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Sustainable diet lowers stroke risk



Eating a sustainable diet lowers the risk of bleeding and blood clots in the brain, new research has found.

The research, published in the journal Stroke, was conducted in collaboration with the Danish Cancer Society.

Researchers at Aarhus University in Denmark used data from the Danish Diet, Cancer and Health population study.

A total of 57,053 adults aged 50 to 64 took part in the study in the early 1990s and answered questions about their lifestyles and eating habits.

The researchers used the Danish registers to identify participants who developed bleeding and blood clots in the brain over the following years.

Overall, participants who followed the sustainable and mostly plant-based EAT-Lancet diet were at lower risk of subarachnoid haemorrhage.

Meanwhile, the Alternate Healthy Eating Index-2010 (AHEI) was associated with a lower risk of ischemic stroke and intracerebral haemorrhage.

Christina Dahm, who led the study, said:

“If adult men or women follow a sustainable diet and the Nordic recommendations for dietary fibre intake, then we see a lower risk of bleeding or blood clots in the brain.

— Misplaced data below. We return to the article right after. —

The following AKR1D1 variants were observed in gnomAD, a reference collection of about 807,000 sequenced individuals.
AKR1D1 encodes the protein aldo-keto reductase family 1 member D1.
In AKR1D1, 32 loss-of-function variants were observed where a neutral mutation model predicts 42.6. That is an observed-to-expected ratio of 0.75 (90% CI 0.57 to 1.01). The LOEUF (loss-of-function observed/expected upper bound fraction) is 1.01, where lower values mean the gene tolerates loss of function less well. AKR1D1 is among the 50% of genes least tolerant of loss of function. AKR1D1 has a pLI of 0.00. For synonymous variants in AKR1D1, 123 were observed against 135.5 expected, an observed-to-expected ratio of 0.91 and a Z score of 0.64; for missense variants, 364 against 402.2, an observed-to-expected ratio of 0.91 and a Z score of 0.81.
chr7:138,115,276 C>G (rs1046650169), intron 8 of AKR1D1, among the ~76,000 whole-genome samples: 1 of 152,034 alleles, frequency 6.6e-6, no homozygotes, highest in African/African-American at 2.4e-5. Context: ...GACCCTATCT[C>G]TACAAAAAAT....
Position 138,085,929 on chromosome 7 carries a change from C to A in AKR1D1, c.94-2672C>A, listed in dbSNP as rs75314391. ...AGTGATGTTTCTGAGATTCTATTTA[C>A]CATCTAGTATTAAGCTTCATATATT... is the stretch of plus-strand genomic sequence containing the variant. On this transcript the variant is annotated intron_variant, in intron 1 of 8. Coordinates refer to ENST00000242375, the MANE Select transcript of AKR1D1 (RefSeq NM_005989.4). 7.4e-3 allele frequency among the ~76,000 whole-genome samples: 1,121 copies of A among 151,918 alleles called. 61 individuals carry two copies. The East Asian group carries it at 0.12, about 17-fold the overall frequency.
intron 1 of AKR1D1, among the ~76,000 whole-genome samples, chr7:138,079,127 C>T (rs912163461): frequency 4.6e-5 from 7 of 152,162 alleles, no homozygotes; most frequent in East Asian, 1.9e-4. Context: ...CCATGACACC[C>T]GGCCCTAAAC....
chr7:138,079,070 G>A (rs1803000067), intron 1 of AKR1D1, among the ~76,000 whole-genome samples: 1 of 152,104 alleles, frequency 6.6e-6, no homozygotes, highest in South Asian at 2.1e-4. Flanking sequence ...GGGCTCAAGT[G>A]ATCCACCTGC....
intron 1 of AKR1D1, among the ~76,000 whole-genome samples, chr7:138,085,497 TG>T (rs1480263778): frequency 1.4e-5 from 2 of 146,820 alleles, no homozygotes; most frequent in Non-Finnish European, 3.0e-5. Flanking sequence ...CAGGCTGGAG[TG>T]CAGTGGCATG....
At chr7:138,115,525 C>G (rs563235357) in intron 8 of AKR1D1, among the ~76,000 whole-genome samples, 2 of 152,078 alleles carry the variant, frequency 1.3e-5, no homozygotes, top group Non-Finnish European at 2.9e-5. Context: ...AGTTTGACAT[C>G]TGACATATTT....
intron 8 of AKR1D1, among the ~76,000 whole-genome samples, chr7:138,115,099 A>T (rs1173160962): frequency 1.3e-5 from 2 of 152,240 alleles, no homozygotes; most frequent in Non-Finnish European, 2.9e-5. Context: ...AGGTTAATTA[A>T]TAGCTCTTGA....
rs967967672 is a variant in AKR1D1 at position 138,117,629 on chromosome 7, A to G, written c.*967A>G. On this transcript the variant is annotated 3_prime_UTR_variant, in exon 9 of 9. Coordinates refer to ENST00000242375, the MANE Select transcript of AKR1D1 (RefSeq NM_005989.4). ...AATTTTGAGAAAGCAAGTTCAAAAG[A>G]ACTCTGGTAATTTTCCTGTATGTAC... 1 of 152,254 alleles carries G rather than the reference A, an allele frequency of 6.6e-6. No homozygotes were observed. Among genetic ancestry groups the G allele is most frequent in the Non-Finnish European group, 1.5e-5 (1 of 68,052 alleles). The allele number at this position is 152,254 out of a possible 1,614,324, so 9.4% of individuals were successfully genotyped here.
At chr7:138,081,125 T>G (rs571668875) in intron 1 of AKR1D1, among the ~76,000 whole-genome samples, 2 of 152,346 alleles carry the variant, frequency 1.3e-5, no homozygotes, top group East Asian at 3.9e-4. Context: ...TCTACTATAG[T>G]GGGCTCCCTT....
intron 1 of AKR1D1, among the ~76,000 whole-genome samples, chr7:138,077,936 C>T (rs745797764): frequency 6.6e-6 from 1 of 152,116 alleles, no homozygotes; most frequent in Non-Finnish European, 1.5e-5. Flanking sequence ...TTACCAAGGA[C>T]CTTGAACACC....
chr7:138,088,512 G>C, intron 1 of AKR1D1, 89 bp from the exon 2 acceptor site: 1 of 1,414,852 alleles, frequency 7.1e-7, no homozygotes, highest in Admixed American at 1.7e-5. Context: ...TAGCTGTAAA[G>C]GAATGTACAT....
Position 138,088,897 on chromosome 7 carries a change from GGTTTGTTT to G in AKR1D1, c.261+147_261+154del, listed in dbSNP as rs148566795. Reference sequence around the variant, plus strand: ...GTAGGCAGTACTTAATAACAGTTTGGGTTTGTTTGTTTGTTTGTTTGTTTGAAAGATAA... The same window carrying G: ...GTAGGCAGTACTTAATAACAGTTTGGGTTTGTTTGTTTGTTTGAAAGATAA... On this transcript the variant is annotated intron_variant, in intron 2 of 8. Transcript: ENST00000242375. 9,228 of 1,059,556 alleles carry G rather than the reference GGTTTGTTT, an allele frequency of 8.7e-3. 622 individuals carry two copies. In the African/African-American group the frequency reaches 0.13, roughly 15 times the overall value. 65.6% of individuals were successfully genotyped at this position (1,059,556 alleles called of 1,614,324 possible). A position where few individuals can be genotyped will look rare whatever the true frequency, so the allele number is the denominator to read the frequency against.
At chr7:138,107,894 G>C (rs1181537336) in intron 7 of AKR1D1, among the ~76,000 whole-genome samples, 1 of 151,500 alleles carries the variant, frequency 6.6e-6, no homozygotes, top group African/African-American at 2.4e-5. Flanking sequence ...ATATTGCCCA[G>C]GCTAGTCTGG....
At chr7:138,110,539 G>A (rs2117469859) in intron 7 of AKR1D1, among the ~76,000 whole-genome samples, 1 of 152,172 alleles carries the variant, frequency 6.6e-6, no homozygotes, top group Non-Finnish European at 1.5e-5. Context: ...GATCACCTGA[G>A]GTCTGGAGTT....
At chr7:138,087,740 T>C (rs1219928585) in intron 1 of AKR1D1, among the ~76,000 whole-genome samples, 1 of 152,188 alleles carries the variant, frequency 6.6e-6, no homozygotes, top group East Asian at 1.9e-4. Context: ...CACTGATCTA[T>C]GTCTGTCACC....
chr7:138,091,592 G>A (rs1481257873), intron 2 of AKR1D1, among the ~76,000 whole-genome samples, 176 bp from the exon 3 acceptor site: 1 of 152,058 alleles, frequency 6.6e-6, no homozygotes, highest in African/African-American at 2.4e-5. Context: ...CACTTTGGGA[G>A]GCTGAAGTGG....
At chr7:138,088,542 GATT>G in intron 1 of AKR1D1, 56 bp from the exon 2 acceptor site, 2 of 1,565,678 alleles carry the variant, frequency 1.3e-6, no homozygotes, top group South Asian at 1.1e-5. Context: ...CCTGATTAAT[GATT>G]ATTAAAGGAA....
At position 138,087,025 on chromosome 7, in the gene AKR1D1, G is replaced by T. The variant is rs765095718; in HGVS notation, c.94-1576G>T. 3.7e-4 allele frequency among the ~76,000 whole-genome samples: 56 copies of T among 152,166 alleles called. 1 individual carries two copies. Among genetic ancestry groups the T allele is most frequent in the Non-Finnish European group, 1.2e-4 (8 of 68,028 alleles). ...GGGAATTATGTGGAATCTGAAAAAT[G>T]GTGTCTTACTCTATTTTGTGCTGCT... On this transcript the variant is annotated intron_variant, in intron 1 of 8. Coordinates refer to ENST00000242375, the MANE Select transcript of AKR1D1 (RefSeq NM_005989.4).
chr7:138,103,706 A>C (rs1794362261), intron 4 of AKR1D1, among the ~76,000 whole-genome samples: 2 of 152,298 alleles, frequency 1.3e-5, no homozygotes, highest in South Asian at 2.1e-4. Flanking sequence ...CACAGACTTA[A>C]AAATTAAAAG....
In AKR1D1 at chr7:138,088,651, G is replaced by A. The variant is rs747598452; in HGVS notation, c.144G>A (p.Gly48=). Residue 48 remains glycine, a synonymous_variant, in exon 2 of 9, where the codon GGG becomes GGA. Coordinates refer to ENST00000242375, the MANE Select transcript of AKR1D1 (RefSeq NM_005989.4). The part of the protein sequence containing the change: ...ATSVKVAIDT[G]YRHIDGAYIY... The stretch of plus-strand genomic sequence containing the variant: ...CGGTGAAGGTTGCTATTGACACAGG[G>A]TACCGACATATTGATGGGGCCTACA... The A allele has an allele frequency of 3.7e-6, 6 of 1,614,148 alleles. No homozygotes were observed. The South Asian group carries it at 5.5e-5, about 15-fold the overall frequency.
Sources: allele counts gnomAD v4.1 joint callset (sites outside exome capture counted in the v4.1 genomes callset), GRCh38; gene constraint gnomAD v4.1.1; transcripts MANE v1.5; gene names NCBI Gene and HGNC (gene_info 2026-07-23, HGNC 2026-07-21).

“The food we eat has a crucial influence on our health, but also affects our climate and the environment.

“We need to eat more sustainably, but of course it’s important that we also have a healthy diet.”

Contributor Daniel Ibsen added:

“A vegetarian diet is very similar to a sustainable diet, and since we need to eat more sustainably in the future, it was a rather worrying result. Our results show that it is safe to eat a sustainable diet.”

Dahm believes that the study should be followed up in the context of Denmark’s dietary habits, which contain more sustainable foods like oat milk and plant-based meat alternatives.

A 2021 study published in the journal of the American Academy of Neurology found that eating a healthy plant-based diet could decrease ischemic stroke risk by up to 10 per cent.